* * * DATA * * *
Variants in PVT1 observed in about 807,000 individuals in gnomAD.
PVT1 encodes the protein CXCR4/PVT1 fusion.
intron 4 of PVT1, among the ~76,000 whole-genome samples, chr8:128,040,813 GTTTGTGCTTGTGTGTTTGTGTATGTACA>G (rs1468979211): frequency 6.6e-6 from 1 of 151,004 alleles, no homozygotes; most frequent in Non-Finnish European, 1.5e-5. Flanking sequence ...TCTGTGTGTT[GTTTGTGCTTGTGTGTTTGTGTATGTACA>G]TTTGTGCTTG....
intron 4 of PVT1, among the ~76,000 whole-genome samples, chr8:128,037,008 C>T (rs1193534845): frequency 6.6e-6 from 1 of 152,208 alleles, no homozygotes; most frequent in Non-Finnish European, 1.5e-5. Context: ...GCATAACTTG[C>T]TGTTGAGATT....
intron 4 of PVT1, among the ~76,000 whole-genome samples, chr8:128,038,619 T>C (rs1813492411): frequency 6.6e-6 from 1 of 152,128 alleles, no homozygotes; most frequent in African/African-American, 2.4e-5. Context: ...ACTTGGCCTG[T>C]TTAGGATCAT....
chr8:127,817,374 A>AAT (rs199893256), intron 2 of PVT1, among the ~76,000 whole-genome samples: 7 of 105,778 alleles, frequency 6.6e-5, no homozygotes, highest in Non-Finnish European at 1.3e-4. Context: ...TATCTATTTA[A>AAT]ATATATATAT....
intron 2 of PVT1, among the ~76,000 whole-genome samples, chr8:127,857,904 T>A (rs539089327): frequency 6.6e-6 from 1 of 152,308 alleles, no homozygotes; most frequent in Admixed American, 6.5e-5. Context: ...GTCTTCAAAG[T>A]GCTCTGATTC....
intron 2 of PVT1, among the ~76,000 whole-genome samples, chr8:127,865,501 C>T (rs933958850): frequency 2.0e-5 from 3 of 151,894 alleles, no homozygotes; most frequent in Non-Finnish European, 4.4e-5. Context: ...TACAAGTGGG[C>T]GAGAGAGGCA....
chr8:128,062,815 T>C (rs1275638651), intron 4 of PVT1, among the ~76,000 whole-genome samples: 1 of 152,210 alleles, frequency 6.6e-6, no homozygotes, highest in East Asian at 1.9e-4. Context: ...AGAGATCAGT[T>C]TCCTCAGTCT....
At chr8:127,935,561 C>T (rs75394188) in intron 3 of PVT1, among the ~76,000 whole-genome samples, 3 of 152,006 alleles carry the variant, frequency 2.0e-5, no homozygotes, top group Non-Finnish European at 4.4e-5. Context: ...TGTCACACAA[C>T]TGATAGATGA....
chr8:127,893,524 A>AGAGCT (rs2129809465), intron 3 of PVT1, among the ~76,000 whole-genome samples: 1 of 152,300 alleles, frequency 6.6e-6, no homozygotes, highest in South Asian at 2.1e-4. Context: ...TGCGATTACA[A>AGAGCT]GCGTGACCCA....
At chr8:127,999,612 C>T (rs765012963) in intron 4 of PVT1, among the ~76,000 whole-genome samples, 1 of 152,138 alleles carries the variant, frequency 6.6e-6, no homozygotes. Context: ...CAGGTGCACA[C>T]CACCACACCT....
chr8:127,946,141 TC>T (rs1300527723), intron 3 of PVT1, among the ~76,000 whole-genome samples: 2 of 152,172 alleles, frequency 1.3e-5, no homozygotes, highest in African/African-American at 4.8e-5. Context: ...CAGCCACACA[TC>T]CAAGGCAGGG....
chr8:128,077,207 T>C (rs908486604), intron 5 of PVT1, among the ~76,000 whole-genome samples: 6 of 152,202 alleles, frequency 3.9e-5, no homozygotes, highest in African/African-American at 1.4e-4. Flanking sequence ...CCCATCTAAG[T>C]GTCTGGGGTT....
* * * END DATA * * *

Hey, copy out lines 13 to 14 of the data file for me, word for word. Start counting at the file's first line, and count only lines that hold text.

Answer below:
chr8:127,946,141 TC>T (rs1300527723), intron 3 of PVT1, among the ~76,000 whole-genome samples: 2 of 152,172 alleles, frequency 1.3e-5, no homozygotes, highest in African/African-American at 4.8e-5. Context: ...CAGCCACACA[TC>T]CAAGGCAGGG....
chr8:128,077,207 T>C (rs908486604), intron 5 of PVT1, among the ~76,000 whole-genome samples: 6 of 152,202 alleles, frequency 3.9e-5, no homozygotes, highest in African/African-American at 1.4e-4. Flanking sequence ...CCCATCTAAG[T>C]GTCTGGGGTT....